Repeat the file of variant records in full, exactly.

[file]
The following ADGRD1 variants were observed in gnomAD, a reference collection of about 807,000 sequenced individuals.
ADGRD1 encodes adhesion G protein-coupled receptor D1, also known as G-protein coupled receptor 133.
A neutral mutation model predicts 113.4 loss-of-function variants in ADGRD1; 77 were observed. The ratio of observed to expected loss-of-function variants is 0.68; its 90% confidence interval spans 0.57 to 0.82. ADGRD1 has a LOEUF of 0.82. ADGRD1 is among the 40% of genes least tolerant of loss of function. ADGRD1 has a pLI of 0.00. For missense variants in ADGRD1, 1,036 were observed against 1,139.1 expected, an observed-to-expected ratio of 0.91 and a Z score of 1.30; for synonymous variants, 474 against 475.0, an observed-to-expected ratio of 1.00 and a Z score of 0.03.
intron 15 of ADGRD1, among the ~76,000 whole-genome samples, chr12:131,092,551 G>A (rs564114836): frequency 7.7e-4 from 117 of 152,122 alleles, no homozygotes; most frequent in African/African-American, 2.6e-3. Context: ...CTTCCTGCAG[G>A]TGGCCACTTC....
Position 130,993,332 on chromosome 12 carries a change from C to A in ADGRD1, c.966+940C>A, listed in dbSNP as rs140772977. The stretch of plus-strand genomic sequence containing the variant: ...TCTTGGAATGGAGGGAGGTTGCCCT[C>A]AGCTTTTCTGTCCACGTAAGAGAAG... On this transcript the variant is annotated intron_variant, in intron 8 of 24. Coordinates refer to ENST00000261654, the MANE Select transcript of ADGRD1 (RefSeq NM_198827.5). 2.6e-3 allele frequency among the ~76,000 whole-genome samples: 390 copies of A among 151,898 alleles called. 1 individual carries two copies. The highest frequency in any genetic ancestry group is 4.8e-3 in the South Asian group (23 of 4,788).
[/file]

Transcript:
The following ADGRD1 variants were observed in gnomAD, a reference collection of about 807,000 sequenced individuals.
ADGRD1 encodes adhesion G protein-coupled receptor D1, also known as G-protein coupled receptor 133.
A neutral mutation model predicts 113.4 loss-of-function variants in ADGRD1; 77 were observed. The ratio of observed to expected loss-of-function variants is 0.68; its 90% confidence interval spans 0.57 to 0.82. ADGRD1 has a LOEUF of 0.82. ADGRD1 is among the 40% of genes least tolerant of loss of function. ADGRD1 has a pLI of 0.00. For missense variants in ADGRD1, 1,036 were observed against 1,139.1 expected, an observed-to-expected ratio of 0.91 and a Z score of 1.30; for synonymous variants, 474 against 475.0, an observed-to-expected ratio of 1.00 and a Z score of 0.03.
intron 15 of ADGRD1, among the ~76,000 whole-genome samples, chr12:131,092,551 G>A (rs564114836): frequency 7.7e-4 from 117 of 152,122 alleles, no homozygotes; most frequent in African/African-American, 2.6e-3. Context: ...CTTCCTGCAG[G>A]TGGCCACTTC....
Position 130,993,332 on chromosome 12 carries a change from C to A in ADGRD1, c.966+940C>A, listed in dbSNP as rs140772977. The stretch of plus-strand genomic sequence containing the variant: ...TCTTGGAATGGAGGGAGGTTGCCCT[C>A]AGCTTTTCTGTCCACGTAAGAGAAG... On this transcript the variant is annotated intron_variant, in intron 8 of 24. Coordinates refer to ENST00000261654, the MANE Select transcript of ADGRD1 (RefSeq NM_198827.5). 2.6e-3 allele frequency among the ~76,000 whole-genome samples: 390 copies of A among 151,898 alleles called. 1 individual carries two copies. The highest frequency in any genetic ancestry group is 4.8e-3 in the South Asian group (23 of 4,788).